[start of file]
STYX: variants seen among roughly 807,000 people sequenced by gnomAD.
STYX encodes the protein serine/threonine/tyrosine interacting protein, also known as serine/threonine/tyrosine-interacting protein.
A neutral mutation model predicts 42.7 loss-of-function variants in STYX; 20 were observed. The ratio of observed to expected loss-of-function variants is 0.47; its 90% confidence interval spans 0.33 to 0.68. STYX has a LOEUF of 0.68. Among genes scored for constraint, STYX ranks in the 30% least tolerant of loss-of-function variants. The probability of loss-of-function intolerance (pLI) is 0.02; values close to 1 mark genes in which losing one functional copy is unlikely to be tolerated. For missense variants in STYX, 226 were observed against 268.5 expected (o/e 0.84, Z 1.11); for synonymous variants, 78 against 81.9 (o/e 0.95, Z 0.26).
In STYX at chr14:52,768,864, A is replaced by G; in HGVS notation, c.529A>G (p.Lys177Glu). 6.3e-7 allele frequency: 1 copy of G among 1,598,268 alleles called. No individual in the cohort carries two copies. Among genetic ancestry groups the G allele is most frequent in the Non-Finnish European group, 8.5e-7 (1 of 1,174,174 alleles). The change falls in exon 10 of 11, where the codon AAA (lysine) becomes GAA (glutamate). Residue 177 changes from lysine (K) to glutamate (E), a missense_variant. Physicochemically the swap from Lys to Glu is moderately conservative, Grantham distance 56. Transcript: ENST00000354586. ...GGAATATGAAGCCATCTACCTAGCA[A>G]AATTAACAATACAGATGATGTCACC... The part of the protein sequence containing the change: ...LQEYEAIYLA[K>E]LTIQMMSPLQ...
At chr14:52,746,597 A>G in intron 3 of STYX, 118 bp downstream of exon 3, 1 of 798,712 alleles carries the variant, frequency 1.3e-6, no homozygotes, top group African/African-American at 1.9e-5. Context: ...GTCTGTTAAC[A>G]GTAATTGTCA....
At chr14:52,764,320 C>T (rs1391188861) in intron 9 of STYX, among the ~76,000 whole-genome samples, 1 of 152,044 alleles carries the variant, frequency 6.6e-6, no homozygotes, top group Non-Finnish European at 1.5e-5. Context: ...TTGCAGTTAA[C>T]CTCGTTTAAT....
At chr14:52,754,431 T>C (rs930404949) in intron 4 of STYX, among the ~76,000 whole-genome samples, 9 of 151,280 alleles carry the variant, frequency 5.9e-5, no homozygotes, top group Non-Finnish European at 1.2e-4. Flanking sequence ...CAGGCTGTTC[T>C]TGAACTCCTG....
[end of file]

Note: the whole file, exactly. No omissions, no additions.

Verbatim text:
STYX: variants seen among roughly 807,000 people sequenced by gnomAD.
STYX encodes the protein serine/threonine/tyrosine interacting protein, also known as serine/threonine/tyrosine-interacting protein.
A neutral mutation model predicts 42.7 loss-of-function variants in STYX; 20 were observed. The ratio of observed to expected loss-of-function variants is 0.47; its 90% confidence interval spans 0.33 to 0.68. STYX has a LOEUF of 0.68. Among genes scored for constraint, STYX ranks in the 30% least tolerant of loss-of-function variants. The probability of loss-of-function intolerance (pLI) is 0.02; values close to 1 mark genes in which losing one functional copy is unlikely to be tolerated. For missense variants in STYX, 226 were observed against 268.5 expected (o/e 0.84, Z 1.11); for synonymous variants, 78 against 81.9 (o/e 0.95, Z 0.26).
In STYX at chr14:52,768,864, A is replaced by G; in HGVS notation, c.529A>G (p.Lys177Glu). 6.3e-7 allele frequency: 1 copy of G among 1,598,268 alleles called. No individual in the cohort carries two copies. Among genetic ancestry groups the G allele is most frequent in the Non-Finnish European group, 8.5e-7 (1 of 1,174,174 alleles). The change falls in exon 10 of 11, where the codon AAA (lysine) becomes GAA (glutamate). Residue 177 changes from lysine (K) to glutamate (E), a missense_variant. Physicochemically the swap from Lys to Glu is moderately conservative, Grantham distance 56. Transcript: ENST00000354586. ...GGAATATGAAGCCATCTACCTAGCA[A>G]AATTAACAATACAGATGATGTCACC... The part of the protein sequence containing the change: ...LQEYEAIYLA[K>E]LTIQMMSPLQ...
At chr14:52,746,597 A>G in intron 3 of STYX, 118 bp downstream of exon 3, 1 of 798,712 alleles carries the variant, frequency 1.3e-6, no homozygotes, top group African/African-American at 1.9e-5. Context: ...GTCTGTTAAC[A>G]GTAATTGTCA....
At chr14:52,764,320 C>T (rs1391188861) in intron 9 of STYX, among the ~76,000 whole-genome samples, 1 of 152,044 alleles carries the variant, frequency 6.6e-6, no homozygotes, top group Non-Finnish European at 1.5e-5. Context: ...TTGCAGTTAA[C>T]CTCGTTTAAT....
At chr14:52,754,431 T>C (rs930404949) in intron 4 of STYX, among the ~76,000 whole-genome samples, 9 of 151,280 alleles carry the variant, frequency 5.9e-5, no homozygotes, top group Non-Finnish European at 1.2e-4. Flanking sequence ...CAGGCTGTTC[T>C]TGAACTCCTG....